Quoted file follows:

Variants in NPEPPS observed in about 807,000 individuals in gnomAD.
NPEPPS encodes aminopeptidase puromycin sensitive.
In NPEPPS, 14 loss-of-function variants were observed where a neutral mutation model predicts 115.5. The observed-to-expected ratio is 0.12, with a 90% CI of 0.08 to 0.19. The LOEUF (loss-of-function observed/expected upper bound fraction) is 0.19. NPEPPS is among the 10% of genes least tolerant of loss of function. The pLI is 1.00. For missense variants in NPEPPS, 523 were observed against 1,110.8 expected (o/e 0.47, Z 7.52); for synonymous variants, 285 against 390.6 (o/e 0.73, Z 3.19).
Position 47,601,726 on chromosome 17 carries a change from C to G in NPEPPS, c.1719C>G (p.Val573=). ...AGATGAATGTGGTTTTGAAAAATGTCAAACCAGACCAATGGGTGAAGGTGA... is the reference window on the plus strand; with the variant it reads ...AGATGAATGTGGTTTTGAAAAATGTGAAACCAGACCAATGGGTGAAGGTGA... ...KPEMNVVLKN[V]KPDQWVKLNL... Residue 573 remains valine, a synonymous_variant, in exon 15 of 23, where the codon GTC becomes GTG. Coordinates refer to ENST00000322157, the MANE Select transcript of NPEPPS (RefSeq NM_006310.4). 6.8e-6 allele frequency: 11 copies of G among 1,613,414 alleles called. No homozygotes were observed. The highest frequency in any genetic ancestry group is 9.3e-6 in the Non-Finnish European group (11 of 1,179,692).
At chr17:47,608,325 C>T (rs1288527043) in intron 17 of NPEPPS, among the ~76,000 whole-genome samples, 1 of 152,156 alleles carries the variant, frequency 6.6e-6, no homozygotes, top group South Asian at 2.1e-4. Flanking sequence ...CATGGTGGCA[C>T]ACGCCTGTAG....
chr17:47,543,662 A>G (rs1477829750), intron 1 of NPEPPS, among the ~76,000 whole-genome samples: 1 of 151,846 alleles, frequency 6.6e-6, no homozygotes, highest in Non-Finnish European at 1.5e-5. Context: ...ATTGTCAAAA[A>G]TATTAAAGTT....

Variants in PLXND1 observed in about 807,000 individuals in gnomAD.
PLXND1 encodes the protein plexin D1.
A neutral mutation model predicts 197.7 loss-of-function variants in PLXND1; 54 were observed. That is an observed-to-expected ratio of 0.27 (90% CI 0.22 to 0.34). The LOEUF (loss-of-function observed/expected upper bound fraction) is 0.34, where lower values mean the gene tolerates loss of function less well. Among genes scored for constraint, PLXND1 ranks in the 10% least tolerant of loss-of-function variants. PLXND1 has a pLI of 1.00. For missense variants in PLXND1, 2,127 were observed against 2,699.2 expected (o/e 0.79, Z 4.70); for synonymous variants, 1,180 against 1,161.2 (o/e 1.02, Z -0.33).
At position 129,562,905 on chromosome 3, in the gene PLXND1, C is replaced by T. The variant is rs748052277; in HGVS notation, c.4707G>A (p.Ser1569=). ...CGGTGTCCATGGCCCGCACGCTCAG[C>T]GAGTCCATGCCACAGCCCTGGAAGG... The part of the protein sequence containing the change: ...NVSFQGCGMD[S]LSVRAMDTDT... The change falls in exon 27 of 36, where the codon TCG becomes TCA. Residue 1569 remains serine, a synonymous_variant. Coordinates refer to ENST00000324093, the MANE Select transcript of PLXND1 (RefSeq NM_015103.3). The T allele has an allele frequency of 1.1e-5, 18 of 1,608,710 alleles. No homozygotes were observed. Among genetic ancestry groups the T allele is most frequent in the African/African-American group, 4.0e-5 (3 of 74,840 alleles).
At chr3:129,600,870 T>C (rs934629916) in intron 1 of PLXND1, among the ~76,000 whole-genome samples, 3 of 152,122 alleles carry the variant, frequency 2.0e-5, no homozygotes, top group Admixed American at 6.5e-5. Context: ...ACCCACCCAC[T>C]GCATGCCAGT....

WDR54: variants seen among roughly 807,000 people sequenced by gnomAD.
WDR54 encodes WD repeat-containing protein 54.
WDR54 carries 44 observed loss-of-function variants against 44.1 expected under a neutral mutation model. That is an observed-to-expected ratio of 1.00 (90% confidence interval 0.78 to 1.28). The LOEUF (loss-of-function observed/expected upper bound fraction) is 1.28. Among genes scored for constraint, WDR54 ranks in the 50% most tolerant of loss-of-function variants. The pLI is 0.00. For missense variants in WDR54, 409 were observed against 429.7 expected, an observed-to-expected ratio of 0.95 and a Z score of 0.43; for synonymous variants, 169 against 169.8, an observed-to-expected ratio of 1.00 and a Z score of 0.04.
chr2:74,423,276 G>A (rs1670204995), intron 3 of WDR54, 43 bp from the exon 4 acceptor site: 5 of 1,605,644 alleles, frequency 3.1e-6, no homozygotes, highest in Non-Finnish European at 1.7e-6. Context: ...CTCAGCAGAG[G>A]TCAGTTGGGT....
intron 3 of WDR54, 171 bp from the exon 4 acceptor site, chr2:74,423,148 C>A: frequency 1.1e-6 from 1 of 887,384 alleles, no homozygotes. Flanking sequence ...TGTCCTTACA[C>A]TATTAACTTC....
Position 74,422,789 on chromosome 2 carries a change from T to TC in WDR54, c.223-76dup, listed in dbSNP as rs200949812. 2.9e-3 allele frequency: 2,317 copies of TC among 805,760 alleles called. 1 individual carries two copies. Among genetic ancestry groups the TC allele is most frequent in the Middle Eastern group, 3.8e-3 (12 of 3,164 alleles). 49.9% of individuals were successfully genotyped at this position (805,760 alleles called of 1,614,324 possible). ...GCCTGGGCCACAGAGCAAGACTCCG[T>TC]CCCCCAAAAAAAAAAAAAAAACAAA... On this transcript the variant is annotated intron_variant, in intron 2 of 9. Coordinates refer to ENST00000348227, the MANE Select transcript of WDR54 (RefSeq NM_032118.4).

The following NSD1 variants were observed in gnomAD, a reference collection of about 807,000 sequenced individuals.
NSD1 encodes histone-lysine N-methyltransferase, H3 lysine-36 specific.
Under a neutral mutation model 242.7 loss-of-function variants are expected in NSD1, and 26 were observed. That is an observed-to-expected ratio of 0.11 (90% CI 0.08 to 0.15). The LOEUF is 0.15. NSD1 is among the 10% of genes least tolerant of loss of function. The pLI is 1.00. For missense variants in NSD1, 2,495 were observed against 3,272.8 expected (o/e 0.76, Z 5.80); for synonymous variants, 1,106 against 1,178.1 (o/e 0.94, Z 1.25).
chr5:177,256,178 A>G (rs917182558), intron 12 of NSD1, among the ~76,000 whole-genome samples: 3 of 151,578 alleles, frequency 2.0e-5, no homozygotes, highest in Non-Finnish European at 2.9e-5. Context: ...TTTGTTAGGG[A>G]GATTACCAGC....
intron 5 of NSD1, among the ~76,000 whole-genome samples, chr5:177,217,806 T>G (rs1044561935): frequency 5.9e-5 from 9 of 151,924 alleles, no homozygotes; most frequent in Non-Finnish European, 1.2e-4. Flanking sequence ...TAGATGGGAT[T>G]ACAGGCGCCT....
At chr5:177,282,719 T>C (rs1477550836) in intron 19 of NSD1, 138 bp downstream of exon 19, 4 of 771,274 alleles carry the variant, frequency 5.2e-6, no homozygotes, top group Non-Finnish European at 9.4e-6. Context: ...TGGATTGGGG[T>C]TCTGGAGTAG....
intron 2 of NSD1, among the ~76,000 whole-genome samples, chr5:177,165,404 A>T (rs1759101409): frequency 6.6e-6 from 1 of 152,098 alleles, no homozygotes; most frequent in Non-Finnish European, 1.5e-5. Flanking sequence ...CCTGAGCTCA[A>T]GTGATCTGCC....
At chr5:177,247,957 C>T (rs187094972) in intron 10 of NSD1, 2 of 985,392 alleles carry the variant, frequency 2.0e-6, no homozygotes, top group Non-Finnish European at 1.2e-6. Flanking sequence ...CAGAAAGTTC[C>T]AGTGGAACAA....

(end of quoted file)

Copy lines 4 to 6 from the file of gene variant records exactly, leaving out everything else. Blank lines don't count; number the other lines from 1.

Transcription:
Position 47,601,726 on chromosome 17 carries a change from C to G in NPEPPS, c.1719C>G (p.Val573=). ...AGATGAATGTGGTTTTGAAAAATGTCAAACCAGACCAATGGGTGAAGGTGA... is the reference window on the plus strand; with the variant it reads ...AGATGAATGTGGTTTTGAAAAATGTGAAACCAGACCAATGGGTGAAGGTGA... ...KPEMNVVLKN[V]KPDQWVKLNL... Residue 573 remains valine, a synonymous_variant, in exon 15 of 23, where the codon GTC becomes GTG. Coordinates refer to ENST00000322157, the MANE Select transcript of NPEPPS (RefSeq NM_006310.4). 6.8e-6 allele frequency: 11 copies of G among 1,613,414 alleles called. No homozygotes were observed. The highest frequency in any genetic ancestry group is 9.3e-6 in the Non-Finnish European group (11 of 1,179,692).
At chr17:47,608,325 C>T (rs1288527043) in intron 17 of NPEPPS, among the ~76,000 whole-genome samples, 1 of 152,156 alleles carries the variant, frequency 6.6e-6, no homozygotes, top group South Asian at 2.1e-4. Flanking sequence ...CATGGTGGCA[C>T]ACGCCTGTAG....
chr17:47,543,662 A>G (rs1477829750), intron 1 of NPEPPS, among the ~76,000 whole-genome samples: 1 of 151,846 alleles, frequency 6.6e-6, no homozygotes, highest in Non-Finnish European at 1.5e-5. Context: ...ATTGTCAAAA[A>G]TATTAAAGTT....